The use of unusual substances in the formulation of livestock feeds has recently attracted considerable interest. According to Standford (1979), rabbits may survive on a variety of different meals.

As a result, it’s important to look at alternative feed sources like Moringa oleifera, whose leaves are widely utilised as animal feed.

In nations like Senegal, Niger, Kenya, Tanzania, Zimbabwe, Gambia, Malawi, India, Spain, the United States, and Germany, among others, the leaves, stems, roots, and other components of the Moringa oleifera plant are frequently used as animal feeds (Fugile, 14 1999). Its potential as an addition to animal feed, meanwhile, has not been adequately studied in Nigeria.

The multifunctional browsing plant Moringa oleifera has advantageous traits. Man consumes the leaves and green, young pods as vegetables because they are high in carotene and ascorbic acid and have a favourable amino acid profile (Makkar and Becker 1996).

It is also used as livestock feed, and according to Sutherland et al. (1990), Sarwatt et al. (2002), and Kimoro (2002), its twigs have noticeable crude protein levels ranging from 26 to 27 percent and are particularly appealing to ruminants.

According to Fuglie (1999), Moringa oleifera leaves and stems have a high bioavailability, making them a superior feed for cattle, sheep, goats, pigs, and rabbits.

Methionine and cysteine, two sulfur-containing amino acids that are frequently deficient in the majority of animal feeds, are abundant in the leaves of Moringa oleifera (Maroyi, 2006).

For the production of tilapia fish, moringa oleifera leaves have also been employed as an alternate protein source (Becker et al., 2002).

According to Mathur (2006), feeding Moringa oleifera leaves and green stems to calves can boost milk output by 43–65% and daily weight growth by up to 32%. According to Onimisi et al. (2007),

adding up to 30% of Moringa oleifera leaf meal to a rabbit’s diet won’t have a negative impact on the animal’s ability to grow. According to Kakengi et al. (2007), laying birds can consume up to 20% of moringa oleifera without experiencing any negative effects.
The authors continued by saying that Moringa oleifera leaf meal is a better diet for monogastric animals due to its high pepsin and total soluble protein content.

The fresh leaves of Moringa oleifera, especially in the north of Nigeria, are consumed as vegetables, the roots are used as medicines, and the stems and branches are used to mark property lines, field boundaries, and home fences (Muyibi and Evison, 1994).

The fact that Moringa oleifera plants are widely distributed throughout the nation as natural pasture is a strong indicator that the plant can be effectively employed to address the feed millers’ existing issues with a lack of protein sources.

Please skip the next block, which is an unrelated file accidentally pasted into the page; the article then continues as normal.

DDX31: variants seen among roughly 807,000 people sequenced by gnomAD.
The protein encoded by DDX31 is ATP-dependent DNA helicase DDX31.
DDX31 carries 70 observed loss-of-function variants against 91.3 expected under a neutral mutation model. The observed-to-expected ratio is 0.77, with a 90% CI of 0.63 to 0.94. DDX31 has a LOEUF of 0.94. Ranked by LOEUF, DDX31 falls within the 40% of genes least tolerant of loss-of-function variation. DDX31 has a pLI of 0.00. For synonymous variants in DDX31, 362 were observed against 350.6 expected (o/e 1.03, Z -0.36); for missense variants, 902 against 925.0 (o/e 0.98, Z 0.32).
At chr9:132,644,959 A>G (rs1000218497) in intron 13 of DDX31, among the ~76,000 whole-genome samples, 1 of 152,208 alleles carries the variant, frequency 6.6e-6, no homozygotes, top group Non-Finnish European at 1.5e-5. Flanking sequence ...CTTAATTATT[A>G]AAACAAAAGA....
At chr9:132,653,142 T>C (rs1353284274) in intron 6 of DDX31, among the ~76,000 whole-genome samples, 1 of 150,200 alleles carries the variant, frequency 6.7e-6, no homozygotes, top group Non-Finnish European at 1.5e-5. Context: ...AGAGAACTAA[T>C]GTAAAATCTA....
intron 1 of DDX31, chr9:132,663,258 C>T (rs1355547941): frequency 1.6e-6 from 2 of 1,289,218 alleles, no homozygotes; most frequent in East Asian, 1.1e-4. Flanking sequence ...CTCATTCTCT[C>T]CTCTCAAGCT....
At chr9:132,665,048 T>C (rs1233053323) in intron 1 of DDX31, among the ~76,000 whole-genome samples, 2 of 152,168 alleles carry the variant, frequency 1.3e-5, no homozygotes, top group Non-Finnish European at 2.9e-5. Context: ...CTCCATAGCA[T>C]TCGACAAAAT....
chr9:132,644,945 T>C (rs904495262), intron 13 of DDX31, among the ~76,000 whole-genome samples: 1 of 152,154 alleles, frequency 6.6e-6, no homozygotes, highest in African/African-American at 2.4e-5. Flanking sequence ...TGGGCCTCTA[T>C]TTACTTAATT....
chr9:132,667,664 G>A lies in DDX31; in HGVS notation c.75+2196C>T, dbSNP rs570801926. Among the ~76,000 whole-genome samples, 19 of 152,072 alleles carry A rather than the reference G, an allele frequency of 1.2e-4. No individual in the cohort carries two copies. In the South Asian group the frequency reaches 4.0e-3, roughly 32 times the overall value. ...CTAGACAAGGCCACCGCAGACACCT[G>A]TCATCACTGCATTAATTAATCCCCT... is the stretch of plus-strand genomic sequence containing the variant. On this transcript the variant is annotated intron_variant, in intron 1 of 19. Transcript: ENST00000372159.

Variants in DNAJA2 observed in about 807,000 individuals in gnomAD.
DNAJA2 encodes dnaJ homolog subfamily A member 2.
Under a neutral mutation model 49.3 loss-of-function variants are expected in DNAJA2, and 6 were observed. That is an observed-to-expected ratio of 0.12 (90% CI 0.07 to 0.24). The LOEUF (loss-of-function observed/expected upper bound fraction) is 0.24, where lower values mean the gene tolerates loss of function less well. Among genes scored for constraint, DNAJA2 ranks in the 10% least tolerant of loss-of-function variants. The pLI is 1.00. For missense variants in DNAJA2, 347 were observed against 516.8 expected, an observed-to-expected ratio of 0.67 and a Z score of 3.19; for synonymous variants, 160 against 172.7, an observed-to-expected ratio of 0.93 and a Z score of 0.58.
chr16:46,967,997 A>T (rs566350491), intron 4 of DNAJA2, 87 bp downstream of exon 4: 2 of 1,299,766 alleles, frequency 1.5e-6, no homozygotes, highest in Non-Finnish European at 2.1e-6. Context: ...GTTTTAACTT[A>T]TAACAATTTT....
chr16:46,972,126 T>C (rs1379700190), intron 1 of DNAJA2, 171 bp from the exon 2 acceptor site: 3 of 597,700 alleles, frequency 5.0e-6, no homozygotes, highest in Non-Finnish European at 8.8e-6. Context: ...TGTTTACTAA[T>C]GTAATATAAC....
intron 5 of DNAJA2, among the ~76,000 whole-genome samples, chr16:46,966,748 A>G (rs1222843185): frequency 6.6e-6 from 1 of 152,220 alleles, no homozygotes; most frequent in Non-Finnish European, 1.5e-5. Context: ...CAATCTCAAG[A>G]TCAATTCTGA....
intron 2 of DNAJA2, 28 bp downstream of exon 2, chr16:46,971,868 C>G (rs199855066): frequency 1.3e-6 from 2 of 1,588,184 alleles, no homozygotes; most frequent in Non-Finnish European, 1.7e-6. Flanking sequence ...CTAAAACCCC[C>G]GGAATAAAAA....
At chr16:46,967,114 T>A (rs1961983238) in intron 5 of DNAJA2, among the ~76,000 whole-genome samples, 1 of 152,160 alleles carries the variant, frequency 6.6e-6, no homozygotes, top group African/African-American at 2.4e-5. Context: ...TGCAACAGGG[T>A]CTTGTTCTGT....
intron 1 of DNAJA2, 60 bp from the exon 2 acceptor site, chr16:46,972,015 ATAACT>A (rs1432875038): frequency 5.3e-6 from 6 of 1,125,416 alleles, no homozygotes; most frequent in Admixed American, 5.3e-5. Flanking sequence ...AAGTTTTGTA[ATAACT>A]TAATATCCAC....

Similar to many other developing nations, Nigeria is now dealing with a lack of and high price for conventional feeds for chickens, rabbits, and other animals, with protein sources of both plant and animal origin accounting for the majority of the cost.

In order to determine how much Moringa oleifera can supplement or entirely replace other plant protein sources in animal meals, further research is required.

1.1 Purposes
This study looked into how weaner rabbits responded to diets that contained varying amounts of Moringa oleifera leaf meal. The following were the study’s particular goals:

i. To evaluate how well weaner rabbits grew after being fed graded amounts of Moringa oleifera leaf meal.
ii. To assess how the diets affected the rabbits’ carcass features.

iii. To find out the rabbits’ haematological characteristics after being fed Moringa oleifera leaf diet.

iv. To calculate the financial impact of feeding rabbits graded amounts of dietary Moringa oleifera leaves.

1.2 Justification Of The Study
The need to maximise the effective use of non-conventional feedstuffs has become necessary due to the high cost of protein feedstuff for livestock feeding as a result of the scarcity of feedstuffs like fishmeal, groundnut cake, and soya bean meal as well as the high competition that exists between man and animals for the conventional feed stuffs.

Reduce the amount of these pricey feedstuffs and replace them with less expensive non-traditional protein feedstuff, such as Moringa oleifera. This will significantly lower the cost of producing rabbit diets, making them more affordable for rabbit growers.